Mobile money’s quick growth transforming financial services
By Titus Mbithi
Mobile banking apps have greatly transformed how Kenyans access loans, and consumers no longer need to fill out lengthy forms, pledge collateral or undergo vetting by a mean- looking credit officer.
Take the example of Branch, a Facebook-linked mobile application that allows users to borrow and repay micro-loans via mobile money platform M-Pesa. In March, it received $9.2 million in equity funding to help grow its loan book.
Users need to download Branch from Google Play, log-in with their Facebook accounts and can begin applying for small loans at a one-off fee of between six per cent and 12 per cent depending on loan and repayment period.
The Android app awards users a credit score by remotely analysing information such as calling patterns, mobile money transactions and Facebook behaviour, the California-based techie revealed.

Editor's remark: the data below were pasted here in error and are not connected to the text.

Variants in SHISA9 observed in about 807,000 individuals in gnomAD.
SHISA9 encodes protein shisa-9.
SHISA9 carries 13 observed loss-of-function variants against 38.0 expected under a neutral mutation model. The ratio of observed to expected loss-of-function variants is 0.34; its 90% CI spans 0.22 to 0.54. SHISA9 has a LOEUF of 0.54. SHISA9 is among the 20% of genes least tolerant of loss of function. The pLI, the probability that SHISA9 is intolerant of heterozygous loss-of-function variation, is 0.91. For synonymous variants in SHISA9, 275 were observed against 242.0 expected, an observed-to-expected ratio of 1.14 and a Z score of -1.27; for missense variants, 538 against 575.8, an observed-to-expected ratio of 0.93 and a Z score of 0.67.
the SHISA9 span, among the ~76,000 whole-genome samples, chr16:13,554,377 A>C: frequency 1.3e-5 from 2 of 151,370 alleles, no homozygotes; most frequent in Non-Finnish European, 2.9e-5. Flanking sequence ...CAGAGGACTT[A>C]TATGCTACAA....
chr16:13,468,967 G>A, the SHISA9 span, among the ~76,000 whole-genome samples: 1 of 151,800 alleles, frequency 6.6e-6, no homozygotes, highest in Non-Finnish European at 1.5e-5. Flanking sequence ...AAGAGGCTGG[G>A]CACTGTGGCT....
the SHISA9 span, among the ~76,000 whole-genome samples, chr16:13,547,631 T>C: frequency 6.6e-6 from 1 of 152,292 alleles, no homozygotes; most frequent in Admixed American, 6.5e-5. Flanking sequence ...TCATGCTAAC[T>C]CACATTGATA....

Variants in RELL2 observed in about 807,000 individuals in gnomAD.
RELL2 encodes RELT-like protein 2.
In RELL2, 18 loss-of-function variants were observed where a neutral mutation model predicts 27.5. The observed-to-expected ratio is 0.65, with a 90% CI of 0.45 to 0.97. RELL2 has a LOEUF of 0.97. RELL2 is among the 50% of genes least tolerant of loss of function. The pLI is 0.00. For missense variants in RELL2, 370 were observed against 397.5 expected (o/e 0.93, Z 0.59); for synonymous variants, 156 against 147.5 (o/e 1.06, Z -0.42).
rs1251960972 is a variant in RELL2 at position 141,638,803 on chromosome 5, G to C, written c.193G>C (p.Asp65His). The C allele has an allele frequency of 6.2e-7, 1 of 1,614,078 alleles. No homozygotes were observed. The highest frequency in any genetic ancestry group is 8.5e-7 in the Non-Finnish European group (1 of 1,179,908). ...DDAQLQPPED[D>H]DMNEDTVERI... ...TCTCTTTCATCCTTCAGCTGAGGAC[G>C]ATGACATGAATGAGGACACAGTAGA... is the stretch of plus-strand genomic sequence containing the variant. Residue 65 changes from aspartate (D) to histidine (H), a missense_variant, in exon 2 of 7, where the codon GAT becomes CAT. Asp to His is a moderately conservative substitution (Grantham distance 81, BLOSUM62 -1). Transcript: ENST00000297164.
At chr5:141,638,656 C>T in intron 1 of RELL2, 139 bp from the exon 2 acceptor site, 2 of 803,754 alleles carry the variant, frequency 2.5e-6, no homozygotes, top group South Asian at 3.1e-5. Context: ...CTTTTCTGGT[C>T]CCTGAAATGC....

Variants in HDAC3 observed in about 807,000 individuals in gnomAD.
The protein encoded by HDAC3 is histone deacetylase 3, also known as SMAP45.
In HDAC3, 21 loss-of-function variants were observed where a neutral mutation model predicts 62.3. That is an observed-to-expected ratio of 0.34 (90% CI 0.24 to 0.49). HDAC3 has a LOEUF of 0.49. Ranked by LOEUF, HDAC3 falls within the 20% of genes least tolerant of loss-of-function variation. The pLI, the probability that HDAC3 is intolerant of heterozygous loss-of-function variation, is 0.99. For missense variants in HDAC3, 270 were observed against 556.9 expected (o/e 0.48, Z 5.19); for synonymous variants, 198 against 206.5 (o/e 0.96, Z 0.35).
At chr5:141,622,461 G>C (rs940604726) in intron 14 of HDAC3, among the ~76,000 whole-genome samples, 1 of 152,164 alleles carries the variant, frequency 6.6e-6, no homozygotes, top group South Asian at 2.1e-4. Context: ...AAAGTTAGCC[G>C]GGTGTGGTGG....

KCB M-Pesa disbursed a total of Sh7.8 billion in loans in its first full year of operation to March.
Safaricom and KCB Group said the app has about 5.2 million customers and lends out an average Sh660 million in loans every month.
Equity Bank – through its Equitel mobile virtual network operator licence – so far has 1.7 million customers and issued loans worth Sh8.5 billion in the year to December 2015.
Co-operative Bank in August 2014 unveiled M-Co-op Cash, an Android app which offers loans of between Sh100 and Sh200,000 repayable within a month at a one-off seven per cent processing fee.
Transactions on the M-Coop Cash platform nearly doubled to 12.4 million up from 7.5 million with 183,000 loans worth Sh1.6 billion disbursed through the phone in the full year ended December 2015.
M-Shwari, launched in November 2012, saw its active subscriber base stand at 3.9 million as at March 2016; and had issued mobile loans via M-Pesa worth Sh7.4 billion.
M-Shwari’s volume of non-performing loans (NPLs) is at 1.93 per cent, debunking the perception that mobile-based micro-lending is risky. The loans are payable within 30 days and attract a 7.5 per cent fee.
Mobile money lending firm Mkopo Rahisi has rebranded as a financial services provider and changed its name to Tala.
The app gathers more than 1,000 data points from customers’ mobile phones to make credit decisions and send loans directly to phones in record 20 seconds, founders of Tala say.